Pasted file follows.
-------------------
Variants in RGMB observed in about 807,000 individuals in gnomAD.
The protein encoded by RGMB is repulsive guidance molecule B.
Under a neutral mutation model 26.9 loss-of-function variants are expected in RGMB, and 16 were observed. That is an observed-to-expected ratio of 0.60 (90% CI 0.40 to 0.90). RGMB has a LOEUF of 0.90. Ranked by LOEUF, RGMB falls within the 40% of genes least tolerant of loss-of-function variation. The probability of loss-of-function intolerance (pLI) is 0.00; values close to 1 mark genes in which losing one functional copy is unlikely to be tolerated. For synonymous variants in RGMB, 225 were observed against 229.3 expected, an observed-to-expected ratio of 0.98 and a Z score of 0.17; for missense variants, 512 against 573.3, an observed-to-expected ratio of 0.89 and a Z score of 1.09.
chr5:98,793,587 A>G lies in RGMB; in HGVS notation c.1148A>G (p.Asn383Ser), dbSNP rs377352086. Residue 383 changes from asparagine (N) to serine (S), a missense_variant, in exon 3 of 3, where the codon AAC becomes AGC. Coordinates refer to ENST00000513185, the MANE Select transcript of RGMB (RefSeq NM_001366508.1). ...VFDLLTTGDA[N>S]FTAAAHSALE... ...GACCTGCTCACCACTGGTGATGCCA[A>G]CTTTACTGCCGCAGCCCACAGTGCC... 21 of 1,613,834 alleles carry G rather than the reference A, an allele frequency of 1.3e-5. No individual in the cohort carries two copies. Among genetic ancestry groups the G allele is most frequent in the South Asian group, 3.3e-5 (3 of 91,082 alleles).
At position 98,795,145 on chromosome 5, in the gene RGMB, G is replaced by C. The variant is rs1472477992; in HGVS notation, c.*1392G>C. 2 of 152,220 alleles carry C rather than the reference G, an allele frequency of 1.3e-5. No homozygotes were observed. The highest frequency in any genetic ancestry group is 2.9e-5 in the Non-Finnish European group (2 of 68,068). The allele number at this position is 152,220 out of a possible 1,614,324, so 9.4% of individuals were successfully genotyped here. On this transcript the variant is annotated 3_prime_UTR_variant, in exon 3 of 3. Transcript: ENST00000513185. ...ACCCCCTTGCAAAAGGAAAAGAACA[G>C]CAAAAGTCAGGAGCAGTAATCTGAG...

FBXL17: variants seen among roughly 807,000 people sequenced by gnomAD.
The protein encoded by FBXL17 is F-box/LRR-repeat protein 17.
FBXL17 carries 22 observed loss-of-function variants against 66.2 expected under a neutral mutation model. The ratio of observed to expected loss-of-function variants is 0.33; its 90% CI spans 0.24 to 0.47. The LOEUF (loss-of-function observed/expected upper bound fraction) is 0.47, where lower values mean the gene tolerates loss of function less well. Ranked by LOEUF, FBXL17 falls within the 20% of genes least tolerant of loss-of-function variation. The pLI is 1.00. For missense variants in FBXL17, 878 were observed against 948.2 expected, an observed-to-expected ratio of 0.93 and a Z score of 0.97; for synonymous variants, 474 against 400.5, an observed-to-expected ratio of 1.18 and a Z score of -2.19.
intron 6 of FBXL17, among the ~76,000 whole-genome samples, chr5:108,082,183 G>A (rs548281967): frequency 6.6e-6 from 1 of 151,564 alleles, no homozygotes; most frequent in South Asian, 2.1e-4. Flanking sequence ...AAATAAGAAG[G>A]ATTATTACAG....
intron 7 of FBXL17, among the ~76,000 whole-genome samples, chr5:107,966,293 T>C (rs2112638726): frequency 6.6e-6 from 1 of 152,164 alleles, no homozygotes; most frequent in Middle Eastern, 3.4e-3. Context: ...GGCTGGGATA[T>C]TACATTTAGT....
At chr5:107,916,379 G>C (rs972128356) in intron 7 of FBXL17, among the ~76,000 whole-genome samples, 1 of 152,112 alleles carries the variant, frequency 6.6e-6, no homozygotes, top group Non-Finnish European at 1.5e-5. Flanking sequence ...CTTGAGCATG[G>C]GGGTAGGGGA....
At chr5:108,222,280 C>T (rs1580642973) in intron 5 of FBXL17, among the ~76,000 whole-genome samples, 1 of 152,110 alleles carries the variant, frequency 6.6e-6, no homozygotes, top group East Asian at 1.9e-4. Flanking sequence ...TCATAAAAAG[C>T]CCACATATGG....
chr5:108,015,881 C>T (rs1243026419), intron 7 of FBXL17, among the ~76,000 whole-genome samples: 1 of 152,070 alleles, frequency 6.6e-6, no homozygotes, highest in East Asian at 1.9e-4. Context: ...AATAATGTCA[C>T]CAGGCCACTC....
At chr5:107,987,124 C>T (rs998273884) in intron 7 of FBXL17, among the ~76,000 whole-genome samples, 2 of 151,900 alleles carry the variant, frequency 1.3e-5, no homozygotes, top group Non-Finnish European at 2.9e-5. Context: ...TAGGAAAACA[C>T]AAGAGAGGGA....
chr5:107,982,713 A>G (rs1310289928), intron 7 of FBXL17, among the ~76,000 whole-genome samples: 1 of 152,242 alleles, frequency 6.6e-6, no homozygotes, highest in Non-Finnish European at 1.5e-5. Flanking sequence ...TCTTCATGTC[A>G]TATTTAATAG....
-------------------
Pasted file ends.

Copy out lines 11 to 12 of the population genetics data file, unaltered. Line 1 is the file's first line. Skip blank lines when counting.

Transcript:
At chr5:107,916,379 G>C (rs972128356) in intron 7 of FBXL17, among the ~76,000 whole-genome samples, 1 of 152,112 alleles carries the variant, frequency 6.6e-6, no homozygotes, top group Non-Finnish European at 1.5e-5. Flanking sequence ...CTTGAGCATG[G>C]GGGTAGGGGA....
At chr5:108,222,280 C>T (rs1580642973) in intron 5 of FBXL17, among the ~76,000 whole-genome samples, 1 of 152,110 alleles carries the variant, frequency 6.6e-6, no homozygotes, top group East Asian at 1.9e-4. Flanking sequence ...TCATAAAAAG[C>T]CCACATATGG....